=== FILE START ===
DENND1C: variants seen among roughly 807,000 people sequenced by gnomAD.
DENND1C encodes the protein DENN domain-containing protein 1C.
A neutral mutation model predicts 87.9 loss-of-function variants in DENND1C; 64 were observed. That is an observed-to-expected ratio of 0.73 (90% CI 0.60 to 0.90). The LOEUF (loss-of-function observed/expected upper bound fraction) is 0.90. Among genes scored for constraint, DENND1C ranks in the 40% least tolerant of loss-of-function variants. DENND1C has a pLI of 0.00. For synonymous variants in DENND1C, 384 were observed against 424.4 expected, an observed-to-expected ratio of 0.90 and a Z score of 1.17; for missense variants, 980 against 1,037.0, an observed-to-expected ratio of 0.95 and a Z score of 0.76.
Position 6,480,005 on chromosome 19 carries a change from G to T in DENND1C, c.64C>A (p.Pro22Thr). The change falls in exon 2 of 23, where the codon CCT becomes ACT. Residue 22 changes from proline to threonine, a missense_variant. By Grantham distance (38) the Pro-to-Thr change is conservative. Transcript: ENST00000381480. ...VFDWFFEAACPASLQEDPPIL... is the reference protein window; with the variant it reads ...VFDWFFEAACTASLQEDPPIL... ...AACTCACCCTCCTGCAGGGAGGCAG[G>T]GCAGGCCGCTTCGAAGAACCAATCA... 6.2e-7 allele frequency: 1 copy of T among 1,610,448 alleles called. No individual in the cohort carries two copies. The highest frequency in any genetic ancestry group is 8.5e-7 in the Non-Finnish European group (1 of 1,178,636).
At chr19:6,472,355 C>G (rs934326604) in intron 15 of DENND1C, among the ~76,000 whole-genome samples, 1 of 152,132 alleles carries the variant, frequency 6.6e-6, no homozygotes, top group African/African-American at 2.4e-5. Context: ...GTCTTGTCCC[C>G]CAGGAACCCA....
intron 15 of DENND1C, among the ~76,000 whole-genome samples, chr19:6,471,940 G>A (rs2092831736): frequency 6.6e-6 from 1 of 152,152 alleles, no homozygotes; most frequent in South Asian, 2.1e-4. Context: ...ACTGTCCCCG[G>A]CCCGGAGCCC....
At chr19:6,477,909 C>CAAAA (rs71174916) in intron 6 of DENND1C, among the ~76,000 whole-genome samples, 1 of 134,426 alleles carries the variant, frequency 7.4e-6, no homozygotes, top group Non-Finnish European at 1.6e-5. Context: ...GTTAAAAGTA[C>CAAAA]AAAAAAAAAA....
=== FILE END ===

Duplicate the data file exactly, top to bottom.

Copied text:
DENND1C: variants seen among roughly 807,000 people sequenced by gnomAD.
DENND1C encodes the protein DENN domain-containing protein 1C.
A neutral mutation model predicts 87.9 loss-of-function variants in DENND1C; 64 were observed. That is an observed-to-expected ratio of 0.73 (90% CI 0.60 to 0.90). The LOEUF (loss-of-function observed/expected upper bound fraction) is 0.90. Among genes scored for constraint, DENND1C ranks in the 40% least tolerant of loss-of-function variants. DENND1C has a pLI of 0.00. For synonymous variants in DENND1C, 384 were observed against 424.4 expected, an observed-to-expected ratio of 0.90 and a Z score of 1.17; for missense variants, 980 against 1,037.0, an observed-to-expected ratio of 0.95 and a Z score of 0.76.
Position 6,480,005 on chromosome 19 carries a change from G to T in DENND1C, c.64C>A (p.Pro22Thr). The change falls in exon 2 of 23, where the codon CCT becomes ACT. Residue 22 changes from proline to threonine, a missense_variant. By Grantham distance (38) the Pro-to-Thr change is conservative. Transcript: ENST00000381480. ...VFDWFFEAACPASLQEDPPIL... is the reference protein window; with the variant it reads ...VFDWFFEAACTASLQEDPPIL... ...AACTCACCCTCCTGCAGGGAGGCAG[G>T]GCAGGCCGCTTCGAAGAACCAATCA... 6.2e-7 allele frequency: 1 copy of T among 1,610,448 alleles called. No individual in the cohort carries two copies. The highest frequency in any genetic ancestry group is 8.5e-7 in the Non-Finnish European group (1 of 1,178,636).
At chr19:6,472,355 C>G (rs934326604) in intron 15 of DENND1C, among the ~76,000 whole-genome samples, 1 of 152,132 alleles carries the variant, frequency 6.6e-6, no homozygotes, top group African/African-American at 2.4e-5. Context: ...GTCTTGTCCC[C>G]CAGGAACCCA....
intron 15 of DENND1C, among the ~76,000 whole-genome samples, chr19:6,471,940 G>A (rs2092831736): frequency 6.6e-6 from 1 of 152,152 alleles, no homozygotes; most frequent in South Asian, 2.1e-4. Context: ...ACTGTCCCCG[G>A]CCCGGAGCCC....
At chr19:6,477,909 C>CAAAA (rs71174916) in intron 6 of DENND1C, among the ~76,000 whole-genome samples, 1 of 134,426 alleles carries the variant, frequency 7.4e-6, no homozygotes, top group Non-Finnish European at 1.6e-5. Context: ...GTTAAAAGTA[C>CAAAA]AAAAAAAAAA....